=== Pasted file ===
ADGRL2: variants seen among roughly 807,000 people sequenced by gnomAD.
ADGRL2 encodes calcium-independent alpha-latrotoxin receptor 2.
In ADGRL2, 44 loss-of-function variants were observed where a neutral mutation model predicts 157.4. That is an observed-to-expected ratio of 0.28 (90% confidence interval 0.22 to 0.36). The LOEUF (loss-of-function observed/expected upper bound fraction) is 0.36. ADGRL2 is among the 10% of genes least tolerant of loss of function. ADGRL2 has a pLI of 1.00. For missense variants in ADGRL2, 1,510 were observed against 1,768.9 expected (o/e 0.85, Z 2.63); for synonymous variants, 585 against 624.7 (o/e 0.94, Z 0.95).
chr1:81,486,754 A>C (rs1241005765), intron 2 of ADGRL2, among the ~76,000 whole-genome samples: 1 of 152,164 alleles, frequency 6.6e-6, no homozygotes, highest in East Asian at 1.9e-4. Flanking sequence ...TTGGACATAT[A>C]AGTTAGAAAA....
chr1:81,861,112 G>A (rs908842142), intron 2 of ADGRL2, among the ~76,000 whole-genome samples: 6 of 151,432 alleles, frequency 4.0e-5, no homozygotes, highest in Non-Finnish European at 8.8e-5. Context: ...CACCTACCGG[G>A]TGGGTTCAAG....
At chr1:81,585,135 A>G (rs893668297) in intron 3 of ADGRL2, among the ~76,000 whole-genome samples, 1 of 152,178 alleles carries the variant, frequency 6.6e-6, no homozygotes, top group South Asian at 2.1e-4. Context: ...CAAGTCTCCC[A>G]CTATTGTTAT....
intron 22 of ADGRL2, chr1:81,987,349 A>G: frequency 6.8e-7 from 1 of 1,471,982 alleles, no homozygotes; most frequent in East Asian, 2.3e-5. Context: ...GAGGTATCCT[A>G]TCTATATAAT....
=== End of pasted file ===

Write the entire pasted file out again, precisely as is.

ADGRL2: variants seen among roughly 807,000 people sequenced by gnomAD.
ADGRL2 encodes calcium-independent alpha-latrotoxin receptor 2.
In ADGRL2, 44 loss-of-function variants were observed where a neutral mutation model predicts 157.4. That is an observed-to-expected ratio of 0.28 (90% confidence interval 0.22 to 0.36). The LOEUF (loss-of-function observed/expected upper bound fraction) is 0.36. ADGRL2 is among the 10% of genes least tolerant of loss of function. ADGRL2 has a pLI of 1.00. For missense variants in ADGRL2, 1,510 were observed against 1,768.9 expected (o/e 0.85, Z 2.63); for synonymous variants, 585 against 624.7 (o/e 0.94, Z 0.95).
chr1:81,486,754 A>C (rs1241005765), intron 2 of ADGRL2, among the ~76,000 whole-genome samples: 1 of 152,164 alleles, frequency 6.6e-6, no homozygotes, highest in East Asian at 1.9e-4. Flanking sequence ...TTGGACATAT[A>C]AGTTAGAAAA....
chr1:81,861,112 G>A (rs908842142), intron 2 of ADGRL2, among the ~76,000 whole-genome samples: 6 of 151,432 alleles, frequency 4.0e-5, no homozygotes, highest in Non-Finnish European at 8.8e-5. Context: ...CACCTACCGG[G>A]TGGGTTCAAG....
At chr1:81,585,135 A>G (rs893668297) in intron 3 of ADGRL2, among the ~76,000 whole-genome samples, 1 of 152,178 alleles carries the variant, frequency 6.6e-6, no homozygotes, top group South Asian at 2.1e-4. Context: ...CAAGTCTCCC[A>G]CTATTGTTAT....
intron 22 of ADGRL2, chr1:81,987,349 A>G: frequency 6.8e-7 from 1 of 1,471,982 alleles, no homozygotes; most frequent in East Asian, 2.3e-5. Context: ...GAGGTATCCT[A>G]TCTATATAAT....